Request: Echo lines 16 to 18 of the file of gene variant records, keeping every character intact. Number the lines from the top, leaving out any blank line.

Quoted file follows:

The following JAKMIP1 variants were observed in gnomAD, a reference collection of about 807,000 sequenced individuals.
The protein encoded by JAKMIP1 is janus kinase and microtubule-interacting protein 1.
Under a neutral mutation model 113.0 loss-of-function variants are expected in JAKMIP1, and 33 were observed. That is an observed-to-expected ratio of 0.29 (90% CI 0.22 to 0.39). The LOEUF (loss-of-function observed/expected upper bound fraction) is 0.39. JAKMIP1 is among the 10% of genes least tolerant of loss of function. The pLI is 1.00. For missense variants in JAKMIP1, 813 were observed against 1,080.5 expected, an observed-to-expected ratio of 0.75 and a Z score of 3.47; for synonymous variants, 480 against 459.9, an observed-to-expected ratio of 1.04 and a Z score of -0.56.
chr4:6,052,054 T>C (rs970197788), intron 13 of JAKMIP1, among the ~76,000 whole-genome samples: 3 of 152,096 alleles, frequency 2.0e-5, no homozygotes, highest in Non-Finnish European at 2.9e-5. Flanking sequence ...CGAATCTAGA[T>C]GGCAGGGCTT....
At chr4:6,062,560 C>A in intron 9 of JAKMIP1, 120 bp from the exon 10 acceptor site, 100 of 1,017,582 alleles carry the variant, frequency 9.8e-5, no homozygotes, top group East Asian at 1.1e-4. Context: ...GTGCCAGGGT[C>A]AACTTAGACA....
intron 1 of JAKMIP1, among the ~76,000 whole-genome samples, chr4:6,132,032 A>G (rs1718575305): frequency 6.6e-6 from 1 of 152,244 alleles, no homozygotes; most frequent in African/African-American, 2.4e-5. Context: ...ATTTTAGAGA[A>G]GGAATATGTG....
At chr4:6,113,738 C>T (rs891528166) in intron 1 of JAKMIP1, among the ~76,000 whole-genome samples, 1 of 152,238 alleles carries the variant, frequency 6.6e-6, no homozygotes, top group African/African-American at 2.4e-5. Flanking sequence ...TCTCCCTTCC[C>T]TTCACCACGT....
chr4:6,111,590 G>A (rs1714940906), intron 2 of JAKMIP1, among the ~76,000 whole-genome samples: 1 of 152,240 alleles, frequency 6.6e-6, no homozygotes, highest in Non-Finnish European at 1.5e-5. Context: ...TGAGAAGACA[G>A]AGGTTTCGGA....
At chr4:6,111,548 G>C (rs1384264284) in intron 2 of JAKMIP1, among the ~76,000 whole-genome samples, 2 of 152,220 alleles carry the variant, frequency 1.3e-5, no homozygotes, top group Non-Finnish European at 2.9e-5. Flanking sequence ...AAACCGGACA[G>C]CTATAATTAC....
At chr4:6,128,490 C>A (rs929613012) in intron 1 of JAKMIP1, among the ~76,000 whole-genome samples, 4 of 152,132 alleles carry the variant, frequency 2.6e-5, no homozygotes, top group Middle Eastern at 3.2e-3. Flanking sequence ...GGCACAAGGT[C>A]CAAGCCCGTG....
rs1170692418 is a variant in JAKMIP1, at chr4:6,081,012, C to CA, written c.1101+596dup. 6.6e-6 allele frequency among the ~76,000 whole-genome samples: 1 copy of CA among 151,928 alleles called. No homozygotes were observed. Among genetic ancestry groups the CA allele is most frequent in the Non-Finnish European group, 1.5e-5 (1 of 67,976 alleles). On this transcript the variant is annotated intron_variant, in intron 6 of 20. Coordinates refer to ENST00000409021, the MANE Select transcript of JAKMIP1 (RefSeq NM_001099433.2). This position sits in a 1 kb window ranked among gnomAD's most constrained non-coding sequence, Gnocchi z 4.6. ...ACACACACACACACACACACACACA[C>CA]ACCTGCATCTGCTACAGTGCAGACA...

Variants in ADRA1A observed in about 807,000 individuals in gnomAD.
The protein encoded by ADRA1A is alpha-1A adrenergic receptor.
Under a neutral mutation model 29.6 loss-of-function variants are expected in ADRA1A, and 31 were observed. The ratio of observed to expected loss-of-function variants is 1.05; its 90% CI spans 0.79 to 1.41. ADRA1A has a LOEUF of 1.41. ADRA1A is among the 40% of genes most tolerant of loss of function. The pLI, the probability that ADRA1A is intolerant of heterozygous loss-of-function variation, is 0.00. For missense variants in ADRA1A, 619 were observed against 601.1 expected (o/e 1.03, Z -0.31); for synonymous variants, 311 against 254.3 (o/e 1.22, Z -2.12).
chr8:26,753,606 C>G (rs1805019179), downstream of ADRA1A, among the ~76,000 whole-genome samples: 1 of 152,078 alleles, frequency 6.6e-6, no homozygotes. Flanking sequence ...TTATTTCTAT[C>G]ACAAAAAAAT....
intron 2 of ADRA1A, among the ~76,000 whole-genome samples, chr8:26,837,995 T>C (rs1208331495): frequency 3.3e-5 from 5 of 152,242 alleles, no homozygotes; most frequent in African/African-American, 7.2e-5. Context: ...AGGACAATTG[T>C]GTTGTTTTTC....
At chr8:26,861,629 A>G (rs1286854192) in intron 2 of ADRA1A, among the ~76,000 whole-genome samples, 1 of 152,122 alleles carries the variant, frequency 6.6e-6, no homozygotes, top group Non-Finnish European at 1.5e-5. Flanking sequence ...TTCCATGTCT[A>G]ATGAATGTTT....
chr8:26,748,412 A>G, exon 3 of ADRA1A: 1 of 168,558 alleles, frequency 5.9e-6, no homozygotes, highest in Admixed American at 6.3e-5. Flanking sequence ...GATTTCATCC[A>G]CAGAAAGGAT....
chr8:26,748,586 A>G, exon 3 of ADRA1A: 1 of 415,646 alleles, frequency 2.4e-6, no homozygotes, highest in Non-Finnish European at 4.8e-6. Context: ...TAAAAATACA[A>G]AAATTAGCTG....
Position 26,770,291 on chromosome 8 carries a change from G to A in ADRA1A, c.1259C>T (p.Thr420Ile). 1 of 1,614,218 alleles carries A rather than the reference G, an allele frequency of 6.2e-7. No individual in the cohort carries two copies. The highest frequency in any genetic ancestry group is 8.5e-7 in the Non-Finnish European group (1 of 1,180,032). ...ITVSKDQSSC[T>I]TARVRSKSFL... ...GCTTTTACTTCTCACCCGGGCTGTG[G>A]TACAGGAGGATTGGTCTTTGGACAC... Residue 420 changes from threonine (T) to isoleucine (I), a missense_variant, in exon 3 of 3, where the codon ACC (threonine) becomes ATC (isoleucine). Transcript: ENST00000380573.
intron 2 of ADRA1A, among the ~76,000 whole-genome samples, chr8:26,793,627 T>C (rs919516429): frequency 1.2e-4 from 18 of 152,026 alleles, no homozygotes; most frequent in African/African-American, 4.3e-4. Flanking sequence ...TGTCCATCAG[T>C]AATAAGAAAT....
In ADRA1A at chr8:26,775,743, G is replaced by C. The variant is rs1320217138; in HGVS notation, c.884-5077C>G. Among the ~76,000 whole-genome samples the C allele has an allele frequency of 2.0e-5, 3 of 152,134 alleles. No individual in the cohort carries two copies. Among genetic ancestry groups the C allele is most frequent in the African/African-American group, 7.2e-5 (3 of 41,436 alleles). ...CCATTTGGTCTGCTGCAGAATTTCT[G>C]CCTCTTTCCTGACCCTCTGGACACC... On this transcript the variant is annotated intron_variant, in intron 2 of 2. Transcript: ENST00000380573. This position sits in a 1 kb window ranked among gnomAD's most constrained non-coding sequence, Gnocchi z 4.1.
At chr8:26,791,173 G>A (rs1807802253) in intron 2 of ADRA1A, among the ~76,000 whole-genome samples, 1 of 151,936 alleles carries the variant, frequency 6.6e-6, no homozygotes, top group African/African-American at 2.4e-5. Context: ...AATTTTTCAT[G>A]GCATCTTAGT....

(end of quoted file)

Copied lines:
intron 2 of ADRA1A, among the ~76,000 whole-genome samples, chr8:26,837,995 T>C (rs1208331495): frequency 3.3e-5 from 5 of 152,242 alleles, no homozygotes; most frequent in African/African-American, 7.2e-5. Context: ...AGGACAATTG[T>C]GTTGTTTTTC....
At chr8:26,861,629 A>G (rs1286854192) in intron 2 of ADRA1A, among the ~76,000 whole-genome samples, 1 of 152,122 alleles carries the variant, frequency 6.6e-6, no homozygotes, top group Non-Finnish European at 1.5e-5. Flanking sequence ...TTCCATGTCT[A>G]ATGAATGTTT....
chr8:26,748,412 A>G, exon 3 of ADRA1A: 1 of 168,558 alleles, frequency 5.9e-6, no homozygotes, highest in Admixed American at 6.3e-5. Flanking sequence ...GATTTCATCC[A>G]CAGAAAGGAT....